3 Myths Concerning Estate Planning

If you or a loved one is needing assistance planning an estate, contact a Bergen County, NJ estate planning lawyer clients trust to secure their future. Although some clients feel confident about their estate plan and their future options, others may feel confused and anxious about all that an estate plan entails. The following is meant to shed light on any confusion regarding estate planning by debunking three common myths.

  1. Creating an estate plan is unimportant and does not need to be established until the very end of a client’s life. This myth is false on two accounts. First, establishing an estate plan is extremely important not only to the client creating the plan but to their loved ones and beneficiaries as well. Without a well-thought-out estate plan, the assets of the deceased’s estate may be distributed by a court, according to state law. This means that your loved ones may not receive what you wish them to be given upon your death. Not only is this a stressful, heartbreaking situation, but the beneficiaries may have to contest the asset distribution in court. The second part of this myth states that an estate plan should be put off until the very end of a client’s life. While it is true that clients can begin their estate plans at any time, estate planning lawyers strongly advise their clients to create and finish their estate plans as soon as possible. Life is unpredictable, and clients may never know if an accident or untimely death will hinder them from finishing their estate plan.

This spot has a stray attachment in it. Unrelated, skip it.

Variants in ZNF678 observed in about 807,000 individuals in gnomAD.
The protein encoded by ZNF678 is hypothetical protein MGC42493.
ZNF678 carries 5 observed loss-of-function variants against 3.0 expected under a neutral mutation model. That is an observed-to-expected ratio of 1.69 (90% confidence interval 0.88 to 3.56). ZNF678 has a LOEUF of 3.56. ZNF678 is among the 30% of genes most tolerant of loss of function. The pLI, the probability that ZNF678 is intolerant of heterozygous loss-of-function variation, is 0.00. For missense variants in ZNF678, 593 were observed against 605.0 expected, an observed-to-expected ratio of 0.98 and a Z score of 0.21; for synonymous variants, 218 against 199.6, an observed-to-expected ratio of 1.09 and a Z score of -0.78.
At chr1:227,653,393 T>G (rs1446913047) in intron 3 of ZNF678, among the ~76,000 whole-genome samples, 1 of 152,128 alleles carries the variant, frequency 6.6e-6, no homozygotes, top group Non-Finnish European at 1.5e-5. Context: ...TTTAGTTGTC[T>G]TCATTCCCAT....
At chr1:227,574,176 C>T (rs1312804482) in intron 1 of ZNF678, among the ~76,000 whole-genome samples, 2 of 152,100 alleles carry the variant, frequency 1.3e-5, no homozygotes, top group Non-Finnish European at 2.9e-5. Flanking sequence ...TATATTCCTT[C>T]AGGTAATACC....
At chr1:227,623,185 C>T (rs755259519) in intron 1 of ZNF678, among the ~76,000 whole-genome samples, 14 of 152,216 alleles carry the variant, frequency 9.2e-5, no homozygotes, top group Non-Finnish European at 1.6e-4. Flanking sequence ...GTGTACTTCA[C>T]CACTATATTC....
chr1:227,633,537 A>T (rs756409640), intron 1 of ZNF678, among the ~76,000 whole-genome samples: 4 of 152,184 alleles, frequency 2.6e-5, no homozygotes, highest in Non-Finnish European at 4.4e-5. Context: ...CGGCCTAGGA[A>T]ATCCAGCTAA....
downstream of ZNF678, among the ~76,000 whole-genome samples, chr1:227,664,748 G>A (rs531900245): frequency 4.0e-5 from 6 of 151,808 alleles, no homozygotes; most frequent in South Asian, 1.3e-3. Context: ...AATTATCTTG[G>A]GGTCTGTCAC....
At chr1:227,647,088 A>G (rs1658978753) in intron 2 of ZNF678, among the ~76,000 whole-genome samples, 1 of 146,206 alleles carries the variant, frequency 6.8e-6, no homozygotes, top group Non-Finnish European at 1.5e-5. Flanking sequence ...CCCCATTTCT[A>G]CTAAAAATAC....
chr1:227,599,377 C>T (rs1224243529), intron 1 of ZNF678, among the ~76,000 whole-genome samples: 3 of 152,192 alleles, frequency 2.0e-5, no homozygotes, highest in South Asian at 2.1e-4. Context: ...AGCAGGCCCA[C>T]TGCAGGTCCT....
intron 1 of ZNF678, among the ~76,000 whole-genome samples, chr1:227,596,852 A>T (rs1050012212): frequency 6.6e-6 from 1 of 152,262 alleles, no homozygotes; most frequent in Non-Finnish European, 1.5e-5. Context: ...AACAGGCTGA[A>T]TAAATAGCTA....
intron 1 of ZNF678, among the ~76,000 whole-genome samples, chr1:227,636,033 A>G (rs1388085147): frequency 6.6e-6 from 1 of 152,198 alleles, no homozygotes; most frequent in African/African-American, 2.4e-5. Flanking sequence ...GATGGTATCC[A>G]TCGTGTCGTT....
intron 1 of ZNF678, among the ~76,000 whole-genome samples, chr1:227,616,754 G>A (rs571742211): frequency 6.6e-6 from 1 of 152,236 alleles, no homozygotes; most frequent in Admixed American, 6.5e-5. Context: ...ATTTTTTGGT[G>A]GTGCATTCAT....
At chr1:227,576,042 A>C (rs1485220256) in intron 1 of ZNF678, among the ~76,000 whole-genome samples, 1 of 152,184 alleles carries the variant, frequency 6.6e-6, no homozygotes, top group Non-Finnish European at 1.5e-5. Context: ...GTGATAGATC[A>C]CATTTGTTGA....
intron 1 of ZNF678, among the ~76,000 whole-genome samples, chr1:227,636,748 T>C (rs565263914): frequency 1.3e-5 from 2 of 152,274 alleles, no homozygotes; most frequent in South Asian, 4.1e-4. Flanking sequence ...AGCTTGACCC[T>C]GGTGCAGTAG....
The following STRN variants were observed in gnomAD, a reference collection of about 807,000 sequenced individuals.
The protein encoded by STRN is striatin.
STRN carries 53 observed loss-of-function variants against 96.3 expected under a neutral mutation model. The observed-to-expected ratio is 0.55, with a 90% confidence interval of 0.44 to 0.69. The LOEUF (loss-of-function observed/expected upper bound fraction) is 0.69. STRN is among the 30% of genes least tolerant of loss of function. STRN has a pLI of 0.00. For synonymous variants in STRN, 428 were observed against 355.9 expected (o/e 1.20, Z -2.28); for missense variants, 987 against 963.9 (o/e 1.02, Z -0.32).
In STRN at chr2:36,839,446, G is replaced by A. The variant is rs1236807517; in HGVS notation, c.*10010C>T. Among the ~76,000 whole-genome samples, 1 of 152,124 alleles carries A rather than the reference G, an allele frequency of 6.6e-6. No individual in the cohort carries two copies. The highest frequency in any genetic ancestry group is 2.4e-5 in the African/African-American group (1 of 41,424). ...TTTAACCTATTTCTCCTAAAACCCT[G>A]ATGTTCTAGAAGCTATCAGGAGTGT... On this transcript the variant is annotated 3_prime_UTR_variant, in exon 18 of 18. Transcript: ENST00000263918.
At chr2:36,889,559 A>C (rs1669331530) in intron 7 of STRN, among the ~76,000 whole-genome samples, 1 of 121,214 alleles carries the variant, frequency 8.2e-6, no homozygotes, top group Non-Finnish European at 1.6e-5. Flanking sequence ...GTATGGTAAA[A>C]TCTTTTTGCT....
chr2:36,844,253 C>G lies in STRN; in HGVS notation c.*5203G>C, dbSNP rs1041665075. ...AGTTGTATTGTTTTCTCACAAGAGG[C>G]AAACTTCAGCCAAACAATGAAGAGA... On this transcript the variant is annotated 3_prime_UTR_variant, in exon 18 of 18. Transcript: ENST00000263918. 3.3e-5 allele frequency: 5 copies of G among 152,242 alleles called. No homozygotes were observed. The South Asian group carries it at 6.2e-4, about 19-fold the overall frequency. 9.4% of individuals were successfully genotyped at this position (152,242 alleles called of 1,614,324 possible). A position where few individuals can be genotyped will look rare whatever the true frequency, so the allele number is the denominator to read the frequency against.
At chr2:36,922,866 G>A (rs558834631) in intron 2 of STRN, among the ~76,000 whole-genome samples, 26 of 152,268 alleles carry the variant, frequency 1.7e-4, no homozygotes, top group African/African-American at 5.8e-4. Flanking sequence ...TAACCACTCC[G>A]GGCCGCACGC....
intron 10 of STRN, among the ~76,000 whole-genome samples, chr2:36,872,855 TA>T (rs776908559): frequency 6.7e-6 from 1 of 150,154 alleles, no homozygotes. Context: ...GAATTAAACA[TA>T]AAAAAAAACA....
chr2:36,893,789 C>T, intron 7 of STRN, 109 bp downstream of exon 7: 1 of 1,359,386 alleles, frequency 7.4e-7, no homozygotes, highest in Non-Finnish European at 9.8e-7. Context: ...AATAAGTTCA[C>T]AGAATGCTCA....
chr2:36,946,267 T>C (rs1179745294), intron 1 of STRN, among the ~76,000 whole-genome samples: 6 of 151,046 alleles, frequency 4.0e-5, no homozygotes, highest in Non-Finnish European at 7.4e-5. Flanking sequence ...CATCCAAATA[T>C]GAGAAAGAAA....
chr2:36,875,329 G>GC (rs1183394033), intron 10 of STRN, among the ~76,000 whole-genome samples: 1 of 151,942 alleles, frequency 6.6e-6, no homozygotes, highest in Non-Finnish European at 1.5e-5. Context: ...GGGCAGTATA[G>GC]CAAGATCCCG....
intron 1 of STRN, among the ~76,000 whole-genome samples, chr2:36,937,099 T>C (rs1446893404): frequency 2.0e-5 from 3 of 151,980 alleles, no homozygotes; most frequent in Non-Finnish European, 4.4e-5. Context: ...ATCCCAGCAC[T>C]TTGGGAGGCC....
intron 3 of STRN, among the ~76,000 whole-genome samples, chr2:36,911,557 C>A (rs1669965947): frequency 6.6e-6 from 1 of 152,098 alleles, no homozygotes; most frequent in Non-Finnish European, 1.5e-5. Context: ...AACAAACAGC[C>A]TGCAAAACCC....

2. An estate plan is just another name for a will, and the two are interchangeable. A will is one aspect of an estate plan. Although both are important documents, they are not interchangeable because they contain different information. An estate plan is made up of a client’s will, power of attorney, medical directives, plan for children, retirement, and bank account information. Skilled estate planning attorneys such as those from Kaplan Law Practice, LLC can customize estate plans to meet the client’s specific needs. Due to the complex nature of estate plans, and all the information required it is strongly advised that clients work closely with their attorneys when creating, and finishing their estate plans.
  3. Medical directives are not included within an estate plan and are irrelevant to the estate. On the contrary, as noted before medical directives are indeed part of the estate plan. Medical directives allow clients to make decisions regarding their medical choices, and end-of-life care. If a client neglects their medical directives, it will force their loved ones to make those difficult medical choices on their behalf. This undoubtedly will be a stressful time for family members as they try to grant the estate’s wishes. Because medical choices and end-of-life care are sensitive topics, it may divide family members in the decision. Don’t put your loved ones in that stressful situation, instead work with an estate planning lawyer and decide your medical directives as soon as possible.